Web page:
There is growing evidence that financial inclusion has substantial benefits for the excluded population especially for women and impoverished adults in many countries.
Policy makers have embraced financial inclusion as the key to economic empowerment and a solution to rising poverty levels. Similarly, in Botswana the Ministry of Finance and Economic Development and industry stakeholders are working in unison to address and improve financial inclusions ratings.
Although the United Nations Educational, Scientific and Cultural Organisation Institute for Statistics places Botswana at 86.2 percent literacy rate (Unesco, 2019) our financial inclusion ratings are still lagging behind. As already alluded to in the previous article, in 2014, only 50 percent of Batswana were banked and the current results indicate an increase of 6 percent to 56 percent. The uptake of other formal non-bank financial products has also increased by 20 percent in 2014 to 76 percent in 2020. With regard to informal financial products, the update has also increased by 3 percent from 39 percent to 42 percent.
Unfortunately, the COVID-19 pandemic and its containment measures are likely to cause an economic contraction of about 2.8 percent in Sub-Saharan Africa. Among the many adverse effects in the global economy, the crisis is posing a deep threat to financial inclusion efforts globally. The lockdowns and curfews designed to curb the spread of the virus resulted in the closure of bank branches and halted operations throughout the financial services industry. Operations of mobile money agents were halted and other industry players such as Insurance houses and Asset Managers were grossly affected by the restrictions. Government officials and health practitioners encouraged the use of cashless and contactless modes of payment to reduce the risk of spreading the virus through the handling of cash.
Several publications and research indicate that although there is generally a gap to close across the globe, the sub-Saharan region seem to be the most affected with very low financial inclusions ratings. The World Bank Group announced an ambitious global goal to reach universal financial access (UFA) by 2020 at the 2015 Spring Meetings of the World Bank Group and the International Monetary Fund (IMF). The World Bank Group is specifically committed to the goal of enabling 1 billion people to gain access to a transaction account through targeted interventions by 2020, and to integrating financial inclusion into the Financial Sector Assessment Programs (conducted jointly with IMF). The Bank Group recognizes financial inclusion as a key enabler to reduce extreme poverty and boost shared prosperity. Due to this we have seen efforts by a number of countries to change the narrative.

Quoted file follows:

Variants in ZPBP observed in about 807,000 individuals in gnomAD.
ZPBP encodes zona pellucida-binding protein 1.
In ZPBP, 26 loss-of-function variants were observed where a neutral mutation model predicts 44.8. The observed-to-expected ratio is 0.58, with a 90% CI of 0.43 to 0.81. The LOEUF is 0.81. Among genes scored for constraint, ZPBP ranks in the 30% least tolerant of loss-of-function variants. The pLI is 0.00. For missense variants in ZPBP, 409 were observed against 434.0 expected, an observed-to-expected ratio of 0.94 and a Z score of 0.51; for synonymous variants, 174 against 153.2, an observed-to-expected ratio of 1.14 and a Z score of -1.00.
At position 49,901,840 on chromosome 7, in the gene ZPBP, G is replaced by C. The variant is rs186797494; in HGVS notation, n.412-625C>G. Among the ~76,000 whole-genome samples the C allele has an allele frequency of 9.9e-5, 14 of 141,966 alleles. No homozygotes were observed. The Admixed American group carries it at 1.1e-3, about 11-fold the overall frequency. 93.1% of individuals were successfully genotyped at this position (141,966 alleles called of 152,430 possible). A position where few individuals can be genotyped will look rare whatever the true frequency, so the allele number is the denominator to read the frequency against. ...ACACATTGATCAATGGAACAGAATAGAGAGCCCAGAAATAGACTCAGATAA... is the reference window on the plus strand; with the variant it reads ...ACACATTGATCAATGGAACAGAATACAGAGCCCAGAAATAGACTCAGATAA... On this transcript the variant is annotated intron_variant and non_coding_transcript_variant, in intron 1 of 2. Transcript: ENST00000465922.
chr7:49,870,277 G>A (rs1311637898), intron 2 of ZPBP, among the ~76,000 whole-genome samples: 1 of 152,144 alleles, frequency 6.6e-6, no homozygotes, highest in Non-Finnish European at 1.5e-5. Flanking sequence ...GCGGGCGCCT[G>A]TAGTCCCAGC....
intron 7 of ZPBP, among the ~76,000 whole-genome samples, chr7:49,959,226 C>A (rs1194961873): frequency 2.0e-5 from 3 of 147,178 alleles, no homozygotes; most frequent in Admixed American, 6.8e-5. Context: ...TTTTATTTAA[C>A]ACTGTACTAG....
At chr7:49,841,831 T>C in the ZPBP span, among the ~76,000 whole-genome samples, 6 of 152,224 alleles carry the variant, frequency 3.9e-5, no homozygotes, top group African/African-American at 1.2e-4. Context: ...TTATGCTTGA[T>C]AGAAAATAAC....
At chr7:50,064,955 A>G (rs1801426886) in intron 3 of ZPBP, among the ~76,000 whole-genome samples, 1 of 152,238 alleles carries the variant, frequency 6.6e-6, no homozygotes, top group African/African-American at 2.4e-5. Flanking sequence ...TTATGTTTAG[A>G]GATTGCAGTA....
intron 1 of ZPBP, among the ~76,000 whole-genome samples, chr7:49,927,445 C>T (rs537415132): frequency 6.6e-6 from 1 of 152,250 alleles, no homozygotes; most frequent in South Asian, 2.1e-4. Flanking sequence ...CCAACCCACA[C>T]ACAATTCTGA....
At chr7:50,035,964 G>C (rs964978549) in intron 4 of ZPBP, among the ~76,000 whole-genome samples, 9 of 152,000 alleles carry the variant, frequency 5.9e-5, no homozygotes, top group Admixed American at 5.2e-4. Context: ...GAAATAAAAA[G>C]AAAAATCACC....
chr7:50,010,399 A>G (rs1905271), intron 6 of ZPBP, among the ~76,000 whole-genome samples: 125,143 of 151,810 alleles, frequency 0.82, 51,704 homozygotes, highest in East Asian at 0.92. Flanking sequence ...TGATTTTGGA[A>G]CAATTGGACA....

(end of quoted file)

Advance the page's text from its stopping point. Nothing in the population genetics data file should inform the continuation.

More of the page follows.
Source: GSMA Intelligence
In the United States of America, although there are government policy initiatives in place for reducing financial exclusion, it is treated as an individual problem and one has to take it upon themselves to be part of the bigger financial network. In the United Kingdom, financial institutions have teamed up as key industry participants and devised initiatives to minimise levels of financial inclusions. In comparison to Botswana, where both the Government is directly involved and industry players are active, one can conclude that Botswana is even poised to achieve better results. Moreover, both the UK and US are advanced in embracing the mobile payment ecosystem as well as cashless transactions and thus assisting individuals in both regions to gain access to a broader range of financial services at a lower cost. In Europe, the focus is different, financial inclusion is achieved primarily by granting access to credit markets in order to increase the number of borrowers and ensuring the stability of credit markets. In the East Asia Pacific and with special interest on China which has a very high level of financial inclusion, there is a greater use of accounts and formal savings. China also witnessed an explosive growth of Fintech products and services through an increased demand for web -based services.
The Chinese government is fully behind the initiative and has a robust plan to encourage technologies in order to promote financial inclusion and social stability.
Although the Middle East and North Africa regions are slightly ahead of the Sub- Saharan region, there is also some work to be done in order to address financial exclusion. According to research evidence, there is physical access to financial service in Islamic countries but the use did not take up as expected. The need for a legal, regulatory and supervisory framework that enables access to finance primarily through banks, providing regulatory space for the use of agents and mobile phone technology, finance company model for microcredit and leasing, promotion of prudent competition between financial services providers and removal of barriers to the growth of Islamic financial services to meet market demands are some of the areas to be addressed in order to lower levels of financial exclusion. Given the fact that we have seen different countries adopt different approaches to addressing the problem of financial exclusion, Botswana as a country can interrogate various options at our disposal and adopt initiatives that are well suited to our country specific problems in order to derive the most desired results.
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